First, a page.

“Last year, the number of people who had H1N1 and the number who were admitted to hospital with influenza B were nearly the same, but that was not noticed because countrywide surveillance for other types of influenza is not done,” said Arunkumar. “Throughout the year, we see one of the other type of influenza but our systems only get activated if we see H1N1 cases. Other types of influenza also result in hospitalisation and cause death.”
Said Shetty: “The majority of influenza cases are actually that of influenza B.”
The number of influenza cases in India may be much higher than what is reported and there are probably many more H1N1 cases too, say experts, because of the treatment protocol that is followed when someone is suspected of having contracted influenza.
The drug to treat influenza A (including H1N1) and influenza B is oseltamivir, better known by its brand name Tamiflu. The drug is effective only if administered at an early stage of the illness, preferably within 24 hours of the onset of symptoms. Health authorities have therefore issued guidelines to doctors not to wait for a person to be tested and confirmed as H1N1 positive but treat anyone with clinical symptoms of the disease with the drug. Delayed treatment can lead to escalation of symptoms that can be fatal.
“Only C-category patients who have fever breathlessness and blood in the sputum are tested,” said Shetty. “Many others with milder symptoms are given Tamiflu and sent home to recover.”
Shetty also said that often influenza B and H3N2 may also be reported as H1N1. “The symptoms are similar, treatment is the same so there is not much benefit from making the distinction.” he added.
But better surveillance and reporting of all types of influenza will help in creating better vaccines.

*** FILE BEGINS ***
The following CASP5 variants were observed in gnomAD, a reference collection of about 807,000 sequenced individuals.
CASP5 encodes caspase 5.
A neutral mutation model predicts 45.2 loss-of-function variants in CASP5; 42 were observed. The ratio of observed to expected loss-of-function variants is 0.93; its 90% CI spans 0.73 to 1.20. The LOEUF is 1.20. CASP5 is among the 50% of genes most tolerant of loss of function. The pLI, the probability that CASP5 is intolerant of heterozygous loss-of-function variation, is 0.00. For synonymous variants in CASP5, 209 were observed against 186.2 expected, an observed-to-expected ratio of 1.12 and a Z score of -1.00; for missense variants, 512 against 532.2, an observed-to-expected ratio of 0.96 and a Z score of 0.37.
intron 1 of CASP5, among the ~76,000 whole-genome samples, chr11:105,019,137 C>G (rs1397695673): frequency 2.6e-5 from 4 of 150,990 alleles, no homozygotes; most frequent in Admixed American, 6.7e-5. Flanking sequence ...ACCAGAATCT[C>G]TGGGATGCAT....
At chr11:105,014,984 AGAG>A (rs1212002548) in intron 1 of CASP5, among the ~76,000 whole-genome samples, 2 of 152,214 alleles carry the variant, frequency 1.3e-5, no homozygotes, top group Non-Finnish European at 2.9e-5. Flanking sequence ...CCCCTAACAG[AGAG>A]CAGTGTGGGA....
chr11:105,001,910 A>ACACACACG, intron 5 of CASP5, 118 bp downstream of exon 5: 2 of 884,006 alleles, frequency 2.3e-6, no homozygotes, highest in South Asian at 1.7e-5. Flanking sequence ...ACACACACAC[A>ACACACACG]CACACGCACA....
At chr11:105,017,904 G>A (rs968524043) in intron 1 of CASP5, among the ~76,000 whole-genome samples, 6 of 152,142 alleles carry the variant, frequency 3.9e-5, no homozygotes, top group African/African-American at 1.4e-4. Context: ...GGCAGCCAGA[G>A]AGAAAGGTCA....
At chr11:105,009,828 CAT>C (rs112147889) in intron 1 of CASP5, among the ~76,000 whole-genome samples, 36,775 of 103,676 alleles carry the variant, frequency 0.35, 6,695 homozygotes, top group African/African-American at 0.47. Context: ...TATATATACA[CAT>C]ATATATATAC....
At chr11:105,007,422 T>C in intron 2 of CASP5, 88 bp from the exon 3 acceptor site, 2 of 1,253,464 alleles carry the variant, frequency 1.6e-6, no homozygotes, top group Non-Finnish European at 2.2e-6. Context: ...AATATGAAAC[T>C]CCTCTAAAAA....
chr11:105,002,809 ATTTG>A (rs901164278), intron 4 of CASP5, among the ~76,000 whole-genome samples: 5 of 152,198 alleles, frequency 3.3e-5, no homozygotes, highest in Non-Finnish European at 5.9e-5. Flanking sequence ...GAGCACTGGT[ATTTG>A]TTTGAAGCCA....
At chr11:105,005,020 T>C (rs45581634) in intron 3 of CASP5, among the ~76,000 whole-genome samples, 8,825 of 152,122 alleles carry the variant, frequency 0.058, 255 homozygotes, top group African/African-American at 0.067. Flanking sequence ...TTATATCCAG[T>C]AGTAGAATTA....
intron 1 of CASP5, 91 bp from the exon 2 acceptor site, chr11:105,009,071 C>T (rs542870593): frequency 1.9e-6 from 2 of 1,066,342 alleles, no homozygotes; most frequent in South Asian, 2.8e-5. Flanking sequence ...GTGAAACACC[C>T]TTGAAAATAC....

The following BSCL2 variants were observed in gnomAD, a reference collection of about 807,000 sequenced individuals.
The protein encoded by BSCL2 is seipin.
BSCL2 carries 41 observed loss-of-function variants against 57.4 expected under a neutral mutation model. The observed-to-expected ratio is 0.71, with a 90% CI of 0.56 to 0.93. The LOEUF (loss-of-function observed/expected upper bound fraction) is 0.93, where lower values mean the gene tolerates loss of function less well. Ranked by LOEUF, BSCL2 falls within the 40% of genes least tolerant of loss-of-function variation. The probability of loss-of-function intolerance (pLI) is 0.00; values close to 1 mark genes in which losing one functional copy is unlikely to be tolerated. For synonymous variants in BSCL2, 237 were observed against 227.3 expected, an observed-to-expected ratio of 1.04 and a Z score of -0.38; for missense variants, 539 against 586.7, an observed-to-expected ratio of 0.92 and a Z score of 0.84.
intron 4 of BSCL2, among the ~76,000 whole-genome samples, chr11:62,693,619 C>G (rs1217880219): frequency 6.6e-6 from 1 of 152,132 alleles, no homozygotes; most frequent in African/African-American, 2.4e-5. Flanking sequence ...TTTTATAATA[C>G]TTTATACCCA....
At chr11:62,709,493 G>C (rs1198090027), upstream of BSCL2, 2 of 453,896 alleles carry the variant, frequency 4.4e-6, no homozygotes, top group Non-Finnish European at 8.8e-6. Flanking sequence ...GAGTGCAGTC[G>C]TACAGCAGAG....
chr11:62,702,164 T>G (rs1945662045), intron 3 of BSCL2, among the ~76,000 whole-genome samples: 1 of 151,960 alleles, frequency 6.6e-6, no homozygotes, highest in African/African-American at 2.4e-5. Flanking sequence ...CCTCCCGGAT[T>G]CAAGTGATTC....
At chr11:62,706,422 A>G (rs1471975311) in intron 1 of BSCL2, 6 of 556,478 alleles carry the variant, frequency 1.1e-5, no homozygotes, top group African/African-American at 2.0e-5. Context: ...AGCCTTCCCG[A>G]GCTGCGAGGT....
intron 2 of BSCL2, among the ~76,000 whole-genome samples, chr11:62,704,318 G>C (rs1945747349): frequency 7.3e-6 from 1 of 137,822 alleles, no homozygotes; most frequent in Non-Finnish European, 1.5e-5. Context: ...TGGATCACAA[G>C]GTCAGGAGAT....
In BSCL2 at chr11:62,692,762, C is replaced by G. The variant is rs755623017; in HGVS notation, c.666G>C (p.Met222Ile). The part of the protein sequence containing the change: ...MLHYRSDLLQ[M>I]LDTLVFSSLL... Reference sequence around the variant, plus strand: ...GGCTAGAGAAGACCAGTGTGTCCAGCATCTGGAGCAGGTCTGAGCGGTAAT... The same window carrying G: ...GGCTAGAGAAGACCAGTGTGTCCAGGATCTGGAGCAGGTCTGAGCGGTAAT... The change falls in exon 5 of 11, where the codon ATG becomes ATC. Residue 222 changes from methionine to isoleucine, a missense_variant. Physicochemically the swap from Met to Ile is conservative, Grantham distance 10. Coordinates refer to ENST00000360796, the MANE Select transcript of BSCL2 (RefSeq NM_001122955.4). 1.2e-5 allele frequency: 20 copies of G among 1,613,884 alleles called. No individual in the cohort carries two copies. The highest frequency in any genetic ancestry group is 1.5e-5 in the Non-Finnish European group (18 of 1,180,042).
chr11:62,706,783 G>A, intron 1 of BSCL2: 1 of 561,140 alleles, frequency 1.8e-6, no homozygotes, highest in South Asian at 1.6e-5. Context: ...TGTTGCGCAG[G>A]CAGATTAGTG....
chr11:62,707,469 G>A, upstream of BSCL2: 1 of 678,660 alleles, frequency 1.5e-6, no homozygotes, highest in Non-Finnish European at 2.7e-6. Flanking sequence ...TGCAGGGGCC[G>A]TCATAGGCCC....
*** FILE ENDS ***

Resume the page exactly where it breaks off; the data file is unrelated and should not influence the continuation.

Every year, the World Health Organisation takes stock of the circulating strains of influenza and recommends flu vaccines, one for the northern hemisphere and one for the southern hemisphere.
This year, it has recommended for the Northern Hemisphere a quadrivalent vaccine that contains strains of H1N1, H3N2 and two strains of influenza B. For H1N1 it had recommended using the Brisbane strain of the vaccine, unlike in 2017 and 2018 when it recommended the Michigan strain.
The Michigan strain and the California strain of H1N1 are known to circulate in India.
“If we strengthen our surveillance, a strain that is more appropriate for India may also get into the vaccine,” said Arunkumar. “We need state-specific and regional-specific data and the viruses should be analysed. The National Institute of Virology is doing it but given the large population in India, our contribution do influenza strain identification should be much more. You see countries like China and Thailand contributing a lot to the influenza database.”
The World Health Organisation and the health ministry recommend vaccination for health workers who are at higher risk of exposure to influenza and also for people with existing medical conditions – also known as co-morbid conditions – such as respiratory disease, heart disease, liver and kidney disorders and cancer, which make them more susceptible to infection and more at risk of death due to infections. They also recommend vaccination for people above the age of 65 and children younger than eight.
However, in many parts of the country, flu vaccination is only given to health workers. “We have constituted a committee to look into the recommendation of giving vaccination against influenza,” said Dr Ravi Prakash Sharma, additional director for rural health in Rajasthan. “Right now, we are only giving it to health workers who might be at risk by coming into contact with people with swine flu.”
In Rajasthan, 162 people have died this year of which about 70% had co-morbid conditions, according to Sharma.
Shetty said that Karnataka also was administering the vaccine only to at-risk health workers like doctors and nurses in out-patient departments. Both government officials said that even though the public health system was not offering the vaccine to anyone else, it was available in the market.